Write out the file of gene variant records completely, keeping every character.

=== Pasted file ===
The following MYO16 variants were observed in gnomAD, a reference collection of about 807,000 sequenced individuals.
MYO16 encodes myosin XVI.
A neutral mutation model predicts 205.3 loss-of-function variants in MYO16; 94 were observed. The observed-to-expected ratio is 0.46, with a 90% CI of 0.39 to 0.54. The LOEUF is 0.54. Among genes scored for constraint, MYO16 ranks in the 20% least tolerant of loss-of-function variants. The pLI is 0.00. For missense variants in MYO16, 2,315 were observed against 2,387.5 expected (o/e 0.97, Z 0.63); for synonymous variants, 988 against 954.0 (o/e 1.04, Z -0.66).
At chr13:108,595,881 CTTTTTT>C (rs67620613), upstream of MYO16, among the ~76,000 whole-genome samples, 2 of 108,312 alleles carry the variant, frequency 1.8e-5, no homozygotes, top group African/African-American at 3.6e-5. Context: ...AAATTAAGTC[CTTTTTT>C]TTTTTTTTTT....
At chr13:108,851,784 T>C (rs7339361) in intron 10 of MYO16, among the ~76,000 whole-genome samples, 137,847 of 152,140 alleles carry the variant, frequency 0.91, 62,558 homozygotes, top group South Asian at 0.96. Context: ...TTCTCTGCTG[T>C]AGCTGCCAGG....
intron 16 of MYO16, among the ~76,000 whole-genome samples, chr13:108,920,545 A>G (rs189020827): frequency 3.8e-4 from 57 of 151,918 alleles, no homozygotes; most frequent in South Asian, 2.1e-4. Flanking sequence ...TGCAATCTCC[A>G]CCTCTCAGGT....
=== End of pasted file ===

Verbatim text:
The following MYO16 variants were observed in gnomAD, a reference collection of about 807,000 sequenced individuals.
MYO16 encodes myosin XVI.
A neutral mutation model predicts 205.3 loss-of-function variants in MYO16; 94 were observed. The observed-to-expected ratio is 0.46, with a 90% CI of 0.39 to 0.54. The LOEUF is 0.54. Among genes scored for constraint, MYO16 ranks in the 20% least tolerant of loss-of-function variants. The pLI is 0.00. For missense variants in MYO16, 2,315 were observed against 2,387.5 expected (o/e 0.97, Z 0.63); for synonymous variants, 988 against 954.0 (o/e 1.04, Z -0.66).
At chr13:108,595,881 CTTTTTT>C (rs67620613), upstream of MYO16, among the ~76,000 whole-genome samples, 2 of 108,312 alleles carry the variant, frequency 1.8e-5, no homozygotes, top group African/African-American at 3.6e-5. Context: ...AAATTAAGTC[CTTTTTT>C]TTTTTTTTTT....
At chr13:108,851,784 T>C (rs7339361) in intron 10 of MYO16, among the ~76,000 whole-genome samples, 137,847 of 152,140 alleles carry the variant, frequency 0.91, 62,558 homozygotes, top group South Asian at 0.96. Context: ...TTCTCTGCTG[T>C]AGCTGCCAGG....
intron 16 of MYO16, among the ~76,000 whole-genome samples, chr13:108,920,545 A>G (rs189020827): frequency 3.8e-4 from 57 of 151,918 alleles, no homozygotes; most frequent in South Asian, 2.1e-4. Flanking sequence ...TGCAATCTCC[A>G]CCTCTCAGGT....